Lindsay Sargent, Northwestern University
One of the central scholarly questions raised by Dostoevskij's novel The Idiot is how the reader is to understand the shift between Myshkin's role in Part I, and his markedly more complex role in Parts II-IV. Critics have explained this shift in various ways, often concluding that Dostoevskij has simply failed to offer adequate explanations of what took place in the characters' lives during the nine months that elapse between the close of Part I and the opening action of Part II. There is a consensus that Myshkin's character has changed in some way, and that the other characters respond to him differently because of this change. For example, in his The Shape of Apocalypse in Modern Russian Literature, David Bethea argues that by the beginning of Part II, Myshkin has acquired "an all-too-human trait," namely, the ability to judge. In this analysis, the catastrophe of the novel's conclusion results from Myshkin's inability to sustain Christ-like compassion in the face of the world's evil. I will argue, however, that the evident differences between Part I and the latter part of the novel have less to do with changes in Myshkin's character than they do with Myshkin's changed position in the world of the novel.
The notebooks for Parts II-IV give no indication that Dostoevskij intended to mar his "perfectly beautiful" hero with human flaws. But there can be no question that other characters respond differently to Myshkin from the beginning of Part II. Taking Myshkin's relationship with Rogozhin as a representative example, we see that Rogozhin is both attracted to and repelled by the Prince almost simultaneously. Rogozhin himself tells Myshkin that when they are apart, all he can feel is anger toward the Prince, yet now "[y]ou haven't been sitting a quarter of an hour with me, and all my anger is passing away and you are dear to me as you used to be (The Idiot, II, 3)". It would seem that Myshkin's charisma, the element in his personality that draws others to him, has not altered. Rogozhin's anger results not from who Myshkin is, but from what he has done.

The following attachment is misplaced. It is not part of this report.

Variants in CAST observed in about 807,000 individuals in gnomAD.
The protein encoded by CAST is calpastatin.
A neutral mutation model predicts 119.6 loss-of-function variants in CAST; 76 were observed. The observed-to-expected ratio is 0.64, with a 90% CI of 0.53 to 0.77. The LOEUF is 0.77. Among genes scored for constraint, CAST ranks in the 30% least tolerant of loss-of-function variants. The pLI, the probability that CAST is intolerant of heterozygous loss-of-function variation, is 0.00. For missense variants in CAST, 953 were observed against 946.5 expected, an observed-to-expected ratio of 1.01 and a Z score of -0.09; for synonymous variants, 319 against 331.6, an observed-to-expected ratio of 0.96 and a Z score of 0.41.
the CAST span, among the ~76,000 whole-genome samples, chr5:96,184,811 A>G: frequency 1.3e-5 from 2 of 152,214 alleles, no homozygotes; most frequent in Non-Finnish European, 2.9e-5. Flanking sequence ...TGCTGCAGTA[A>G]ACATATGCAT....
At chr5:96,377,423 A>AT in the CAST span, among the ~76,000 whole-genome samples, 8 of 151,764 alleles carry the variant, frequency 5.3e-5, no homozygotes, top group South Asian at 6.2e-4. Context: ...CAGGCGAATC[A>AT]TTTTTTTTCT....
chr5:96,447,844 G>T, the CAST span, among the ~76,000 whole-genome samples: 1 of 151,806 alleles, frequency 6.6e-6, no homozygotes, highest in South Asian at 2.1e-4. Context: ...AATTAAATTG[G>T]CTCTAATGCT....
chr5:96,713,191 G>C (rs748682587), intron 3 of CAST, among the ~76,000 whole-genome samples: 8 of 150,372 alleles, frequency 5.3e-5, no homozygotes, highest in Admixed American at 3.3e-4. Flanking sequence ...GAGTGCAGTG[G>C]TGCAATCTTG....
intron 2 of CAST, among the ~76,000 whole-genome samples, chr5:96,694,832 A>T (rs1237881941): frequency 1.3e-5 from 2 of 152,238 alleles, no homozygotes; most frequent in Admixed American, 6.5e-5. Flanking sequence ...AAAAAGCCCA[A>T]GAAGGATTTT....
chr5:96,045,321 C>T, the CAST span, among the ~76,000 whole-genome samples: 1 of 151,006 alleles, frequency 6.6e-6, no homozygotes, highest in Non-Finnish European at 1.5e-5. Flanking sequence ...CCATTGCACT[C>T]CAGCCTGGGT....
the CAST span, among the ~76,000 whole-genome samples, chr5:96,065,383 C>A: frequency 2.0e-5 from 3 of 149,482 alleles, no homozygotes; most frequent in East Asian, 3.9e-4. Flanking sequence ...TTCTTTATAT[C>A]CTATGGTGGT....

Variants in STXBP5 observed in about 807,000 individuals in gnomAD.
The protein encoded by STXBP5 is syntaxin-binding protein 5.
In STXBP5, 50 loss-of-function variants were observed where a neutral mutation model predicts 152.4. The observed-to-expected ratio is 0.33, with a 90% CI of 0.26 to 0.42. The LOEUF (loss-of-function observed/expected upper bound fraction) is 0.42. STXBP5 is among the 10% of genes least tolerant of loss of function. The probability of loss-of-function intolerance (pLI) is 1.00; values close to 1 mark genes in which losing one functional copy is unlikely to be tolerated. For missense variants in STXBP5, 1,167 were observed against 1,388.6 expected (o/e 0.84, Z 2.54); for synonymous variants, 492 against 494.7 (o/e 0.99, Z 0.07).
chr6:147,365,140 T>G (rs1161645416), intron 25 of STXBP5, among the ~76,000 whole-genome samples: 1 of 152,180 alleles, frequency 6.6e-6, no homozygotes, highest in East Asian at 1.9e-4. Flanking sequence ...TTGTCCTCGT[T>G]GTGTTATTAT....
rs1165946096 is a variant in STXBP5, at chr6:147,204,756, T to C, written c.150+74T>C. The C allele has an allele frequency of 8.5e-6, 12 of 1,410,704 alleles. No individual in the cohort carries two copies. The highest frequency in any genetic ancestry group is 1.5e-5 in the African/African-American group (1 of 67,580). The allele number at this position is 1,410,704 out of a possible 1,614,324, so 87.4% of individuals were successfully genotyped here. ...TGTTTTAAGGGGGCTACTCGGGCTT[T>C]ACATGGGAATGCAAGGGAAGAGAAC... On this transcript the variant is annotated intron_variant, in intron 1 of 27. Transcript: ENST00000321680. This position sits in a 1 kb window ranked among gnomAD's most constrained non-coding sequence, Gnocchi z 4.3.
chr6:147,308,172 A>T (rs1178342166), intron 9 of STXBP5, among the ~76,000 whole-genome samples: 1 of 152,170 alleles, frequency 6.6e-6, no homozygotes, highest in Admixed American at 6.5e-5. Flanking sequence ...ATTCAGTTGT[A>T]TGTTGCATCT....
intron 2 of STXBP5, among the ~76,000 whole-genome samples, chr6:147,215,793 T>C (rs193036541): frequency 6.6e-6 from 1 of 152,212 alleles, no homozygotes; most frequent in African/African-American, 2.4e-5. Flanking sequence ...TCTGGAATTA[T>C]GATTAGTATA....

What has Myshkin done to alter his relationships with the other characters? By proposing to Nastasja Fillipovna in the classic Dostoevskian scandal scene that closes Part I, Myshkin has given up, to a certain degree, the special status that he held up until this point. He is successful in Part I because he is a disinterested party without a personal agenda, or, indeed, the kind of personal history that would lead others to believe that he acted to fulfill a personal agenda. In fact, in his classic study, Problems of Dostoevskij's Poetics, Mixail Baxtin argues that a key element of Myshkin's character is his fundamental separateness, and that it is this separateness that allows him to "'penetrate' through the life-flesh of other people and reach their deepest 'I.'" By proposing to Nastasja Fillipovna, Myshkin calls into question his separate and unique status. He compromises not only his relationship with Rogozhin, who now sees him as a romantic rival, but also his ability to influence other characters. While he may continue to act out of absolute compassion, he has opened the door for other characters to question the purity of his motives and the moral legitimacy of his actions. Read in this light, the spiralling chaos of the latter part of the novel can be seen as resulting not from Myshkin's humanity, but from the inability of the world to believe in the values he embodies.